All Hell
All Hail the Night EP

In my limited experience with the Carolinas, one of the many things I’ve learned is to be real careful when and where to expose your more heretical impulses (though I suppose this is becoming increasingly true just about everywhere in America). We’re generally talking a bunch of folks whose love for Jesus is only surpassed by their love of guns, a combination that just has bad news written all over it. But it’s said that the places washed in the brightest light of the lord also cast the longest, darkest shadows – and it’s in those places where sometimes the greatest evils can emerge. In that regard, I suppose it’s no surprise a place like North Carolina could birth such a band as All Hell, who once again crawl forth from those cracks on the surface of God’s country, to wreak unholy mayhem.

Sharpen your ceremonial daggers and pass around the ‘shine, boys and girls. This party is gonna get a little wild.


I was actually interested to see what might happen with the band heading back to a smaller label (Atlanta-based Terminus Hate City Records) following a two-record run with Prosthetic Records. To give Prosthetic credit, they genuinely have grown into one of the most diverse and unique labels in metal today, but somehow the pairing with All Hell just never really seemed to quite line up with me. Regardless, the immediate effect for the band seems to be a renewed sense of urgency, as Black Leather Wings comes screaming out the gate with its title track, armed with some absolutely blistering Blackened Thrash riffs, and a much punchier production than we got with The Witch’s Grail or The Grave Alchemist. Where those albums struck me as being much more Punk-forward, this track is giving more metallic Witchery or even Skeletonwitch vibes. Appropriate then, that the latter’s own Nate Garnette should be here lending his talents to the track, making for a raucous, hellacious collaboration that gets this EP off on a rip-roaring start.

The band follows with the super catchy “Neon Babylon,” utilizing some cool synth work here and there to give the track some eerie horror vibes, and while it’s the kind of song made to easily get itself stuck in your brain, it still carries a bit more of that edge laid down on the opening track. It is, to be fair, a pretty straight-forward track, but its driving main riff can’t help but get your head banging or foot tapping in rhythm with the relentless kick drum attack. It’s a similar sort of formula they carry over to the EP’s final new track, “Let the Night Run Red,” although this time around you get the sense that they’ve put together a future fan-favorite here, with a great mix of catchy riffing and a chorus that should get crowds singing along in short order. Again, it’s another track that thrives in its simplicity – giving fans a hit of the material they’ve been looking for, and getting out before making too big a fuss about it.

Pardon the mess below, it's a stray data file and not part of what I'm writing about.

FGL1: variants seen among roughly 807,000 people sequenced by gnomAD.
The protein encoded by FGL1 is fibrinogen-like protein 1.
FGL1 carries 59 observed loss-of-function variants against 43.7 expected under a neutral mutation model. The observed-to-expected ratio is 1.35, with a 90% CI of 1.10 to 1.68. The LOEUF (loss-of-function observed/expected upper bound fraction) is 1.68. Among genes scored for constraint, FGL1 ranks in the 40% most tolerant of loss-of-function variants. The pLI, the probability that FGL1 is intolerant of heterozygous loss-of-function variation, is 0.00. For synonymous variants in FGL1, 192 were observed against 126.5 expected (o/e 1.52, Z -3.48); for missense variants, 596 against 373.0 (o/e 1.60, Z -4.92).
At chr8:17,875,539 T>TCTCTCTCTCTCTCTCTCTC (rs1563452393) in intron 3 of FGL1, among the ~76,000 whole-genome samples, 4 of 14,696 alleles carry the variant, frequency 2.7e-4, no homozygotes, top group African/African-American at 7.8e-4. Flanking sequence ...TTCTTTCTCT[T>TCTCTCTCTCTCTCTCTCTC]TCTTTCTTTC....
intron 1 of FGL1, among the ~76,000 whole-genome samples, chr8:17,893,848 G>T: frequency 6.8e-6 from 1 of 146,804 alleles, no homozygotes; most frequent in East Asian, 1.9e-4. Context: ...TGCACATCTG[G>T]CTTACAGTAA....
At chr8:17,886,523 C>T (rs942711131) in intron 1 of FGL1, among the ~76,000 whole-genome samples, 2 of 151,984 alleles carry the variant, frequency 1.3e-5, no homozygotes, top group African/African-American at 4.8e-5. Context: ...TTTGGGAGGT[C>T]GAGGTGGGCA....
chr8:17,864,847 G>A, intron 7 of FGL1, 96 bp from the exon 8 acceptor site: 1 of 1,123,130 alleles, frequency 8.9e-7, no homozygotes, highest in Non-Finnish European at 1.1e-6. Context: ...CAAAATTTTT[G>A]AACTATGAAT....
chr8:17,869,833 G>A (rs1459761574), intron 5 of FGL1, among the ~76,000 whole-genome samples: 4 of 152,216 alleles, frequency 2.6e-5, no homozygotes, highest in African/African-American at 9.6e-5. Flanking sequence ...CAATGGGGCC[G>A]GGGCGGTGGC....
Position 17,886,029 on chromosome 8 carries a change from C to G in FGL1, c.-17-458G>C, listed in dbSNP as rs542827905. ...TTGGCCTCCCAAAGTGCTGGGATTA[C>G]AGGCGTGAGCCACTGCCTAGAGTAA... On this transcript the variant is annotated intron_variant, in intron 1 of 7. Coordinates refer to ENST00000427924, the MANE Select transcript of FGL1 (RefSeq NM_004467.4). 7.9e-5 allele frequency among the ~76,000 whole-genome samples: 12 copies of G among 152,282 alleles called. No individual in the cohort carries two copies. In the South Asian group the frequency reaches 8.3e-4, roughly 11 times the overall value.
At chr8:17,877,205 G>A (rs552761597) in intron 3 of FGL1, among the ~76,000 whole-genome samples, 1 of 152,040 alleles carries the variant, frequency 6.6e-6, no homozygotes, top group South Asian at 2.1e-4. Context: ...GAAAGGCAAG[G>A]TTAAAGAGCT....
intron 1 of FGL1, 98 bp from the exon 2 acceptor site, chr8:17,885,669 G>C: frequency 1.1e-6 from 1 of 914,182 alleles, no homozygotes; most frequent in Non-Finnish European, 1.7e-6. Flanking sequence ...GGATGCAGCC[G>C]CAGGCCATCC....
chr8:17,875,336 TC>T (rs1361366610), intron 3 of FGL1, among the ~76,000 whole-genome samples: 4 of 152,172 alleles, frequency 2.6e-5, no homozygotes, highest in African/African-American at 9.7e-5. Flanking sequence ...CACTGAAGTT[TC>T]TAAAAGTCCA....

But perhaps the biggest treat on Black Leather Wings are the three re-recordings of tracks from the band’s first release, 2014’s The Devil’s Work. Again, the production work is pretty great (recorded by Black Tusk’s Chris Adams and mastered by Toxic Holocaust mastermind Joel Grind), and gives the trio of “Suffer for Me,” “Breaker” and “Devilwolf” the sonic experience those three tracks deserve. If anything, I’m a little hopeful that revisiting these tracks ends up rubbing off on the band moving forward, as they prove the band doesn’t really need to stretch much further beyond the 2 minute mark to really make a compelling track (as much as I enjoyed the new content, I can’t necessarily say they needed to last as long as they did).

All told, Black Leather Wings sees All Hell operating just as effectively as ever, and perhaps even more self-editing to hit their audience with even quicker hits might not be the worst idea ever. Either way, I dig the slightly more metallic-leaning tones found here, and the band certainly show they’re still capable of giving listeners a real good time.

[Visit the band's website]
Written by Steve K
May 5th, 2023


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